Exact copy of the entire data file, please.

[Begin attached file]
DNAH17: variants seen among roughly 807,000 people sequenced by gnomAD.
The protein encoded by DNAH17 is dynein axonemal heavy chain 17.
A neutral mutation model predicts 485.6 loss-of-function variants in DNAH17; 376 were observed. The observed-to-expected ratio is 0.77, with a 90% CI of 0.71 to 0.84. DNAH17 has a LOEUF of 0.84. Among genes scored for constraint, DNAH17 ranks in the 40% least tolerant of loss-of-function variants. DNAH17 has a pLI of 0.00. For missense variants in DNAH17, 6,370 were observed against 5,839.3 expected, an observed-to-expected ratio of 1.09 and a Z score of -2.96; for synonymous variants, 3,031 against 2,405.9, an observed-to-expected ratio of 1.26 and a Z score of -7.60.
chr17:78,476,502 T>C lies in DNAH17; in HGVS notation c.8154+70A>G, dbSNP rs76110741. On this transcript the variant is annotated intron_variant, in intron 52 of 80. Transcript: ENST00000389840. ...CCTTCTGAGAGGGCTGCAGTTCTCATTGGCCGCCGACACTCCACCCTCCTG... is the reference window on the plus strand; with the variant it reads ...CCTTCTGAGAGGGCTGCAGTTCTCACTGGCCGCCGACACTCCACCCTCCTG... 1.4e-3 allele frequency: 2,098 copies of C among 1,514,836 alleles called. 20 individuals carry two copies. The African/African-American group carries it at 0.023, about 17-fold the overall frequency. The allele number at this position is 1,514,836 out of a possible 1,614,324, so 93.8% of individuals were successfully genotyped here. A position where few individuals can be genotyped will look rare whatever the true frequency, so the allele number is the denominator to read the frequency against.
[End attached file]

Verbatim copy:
DNAH17: variants seen among roughly 807,000 people sequenced by gnomAD.
The protein encoded by DNAH17 is dynein axonemal heavy chain 17.
A neutral mutation model predicts 485.6 loss-of-function variants in DNAH17; 376 were observed. The observed-to-expected ratio is 0.77, with a 90% CI of 0.71 to 0.84. DNAH17 has a LOEUF of 0.84. Among genes scored for constraint, DNAH17 ranks in the 40% least tolerant of loss-of-function variants. DNAH17 has a pLI of 0.00. For missense variants in DNAH17, 6,370 were observed against 5,839.3 expected, an observed-to-expected ratio of 1.09 and a Z score of -2.96; for synonymous variants, 3,031 against 2,405.9, an observed-to-expected ratio of 1.26 and a Z score of -7.60.
chr17:78,476,502 T>C lies in DNAH17; in HGVS notation c.8154+70A>G, dbSNP rs76110741. On this transcript the variant is annotated intron_variant, in intron 52 of 80. Transcript: ENST00000389840. ...CCTTCTGAGAGGGCTGCAGTTCTCATTGGCCGCCGACACTCCACCCTCCTG... is the reference window on the plus strand; with the variant it reads ...CCTTCTGAGAGGGCTGCAGTTCTCACTGGCCGCCGACACTCCACCCTCCTG... 1.4e-3 allele frequency: 2,098 copies of C among 1,514,836 alleles called. 20 individuals carry two copies. The African/African-American group carries it at 0.023, about 17-fold the overall frequency. The allele number at this position is 1,514,836 out of a possible 1,614,324, so 93.8% of individuals were successfully genotyped here. A position where few individuals can be genotyped will look rare whatever the true frequency, so the allele number is the denominator to read the frequency against.